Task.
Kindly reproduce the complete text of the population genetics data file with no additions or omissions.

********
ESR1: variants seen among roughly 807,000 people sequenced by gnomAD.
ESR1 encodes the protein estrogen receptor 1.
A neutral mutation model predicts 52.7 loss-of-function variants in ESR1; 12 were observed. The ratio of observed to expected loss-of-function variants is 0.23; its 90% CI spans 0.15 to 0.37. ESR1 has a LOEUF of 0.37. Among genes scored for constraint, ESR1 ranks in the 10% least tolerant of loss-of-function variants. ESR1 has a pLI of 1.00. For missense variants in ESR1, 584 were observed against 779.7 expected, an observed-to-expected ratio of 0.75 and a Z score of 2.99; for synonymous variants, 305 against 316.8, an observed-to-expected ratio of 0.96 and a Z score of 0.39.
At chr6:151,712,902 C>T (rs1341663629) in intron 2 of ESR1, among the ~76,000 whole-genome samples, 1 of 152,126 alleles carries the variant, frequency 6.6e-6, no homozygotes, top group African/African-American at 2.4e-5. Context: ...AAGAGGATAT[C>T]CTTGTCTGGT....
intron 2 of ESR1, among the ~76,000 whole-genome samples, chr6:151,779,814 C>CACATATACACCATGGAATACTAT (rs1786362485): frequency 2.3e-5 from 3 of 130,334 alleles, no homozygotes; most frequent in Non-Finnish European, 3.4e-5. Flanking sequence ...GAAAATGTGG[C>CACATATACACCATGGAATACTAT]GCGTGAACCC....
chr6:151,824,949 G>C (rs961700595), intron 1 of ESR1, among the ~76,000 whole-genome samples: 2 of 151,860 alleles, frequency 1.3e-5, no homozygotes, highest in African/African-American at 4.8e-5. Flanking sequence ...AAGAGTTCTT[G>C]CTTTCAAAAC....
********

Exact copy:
ESR1: variants seen among roughly 807,000 people sequenced by gnomAD.
ESR1 encodes the protein estrogen receptor 1.
A neutral mutation model predicts 52.7 loss-of-function variants in ESR1; 12 were observed. The ratio of observed to expected loss-of-function variants is 0.23; its 90% CI spans 0.15 to 0.37. ESR1 has a LOEUF of 0.37. Among genes scored for constraint, ESR1 ranks in the 10% least tolerant of loss-of-function variants. ESR1 has a pLI of 1.00. For missense variants in ESR1, 584 were observed against 779.7 expected, an observed-to-expected ratio of 0.75 and a Z score of 2.99; for synonymous variants, 305 against 316.8, an observed-to-expected ratio of 0.96 and a Z score of 0.39.
At chr6:151,712,902 C>T (rs1341663629) in intron 2 of ESR1, among the ~76,000 whole-genome samples, 1 of 152,126 alleles carries the variant, frequency 6.6e-6, no homozygotes, top group African/African-American at 2.4e-5. Context: ...AAGAGGATAT[C>T]CTTGTCTGGT....
intron 2 of ESR1, among the ~76,000 whole-genome samples, chr6:151,779,814 C>CACATATACACCATGGAATACTAT (rs1786362485): frequency 2.3e-5 from 3 of 130,334 alleles, no homozygotes; most frequent in Non-Finnish European, 3.4e-5. Flanking sequence ...GAAAATGTGG[C>CACATATACACCATGGAATACTAT]GCGTGAACCC....
chr6:151,824,949 G>C (rs961700595), intron 1 of ESR1, among the ~76,000 whole-genome samples: 2 of 151,860 alleles, frequency 1.3e-5, no homozygotes, highest in African/African-American at 4.8e-5. Flanking sequence ...AAGAGTTCTT[G>C]CTTTCAAAAC....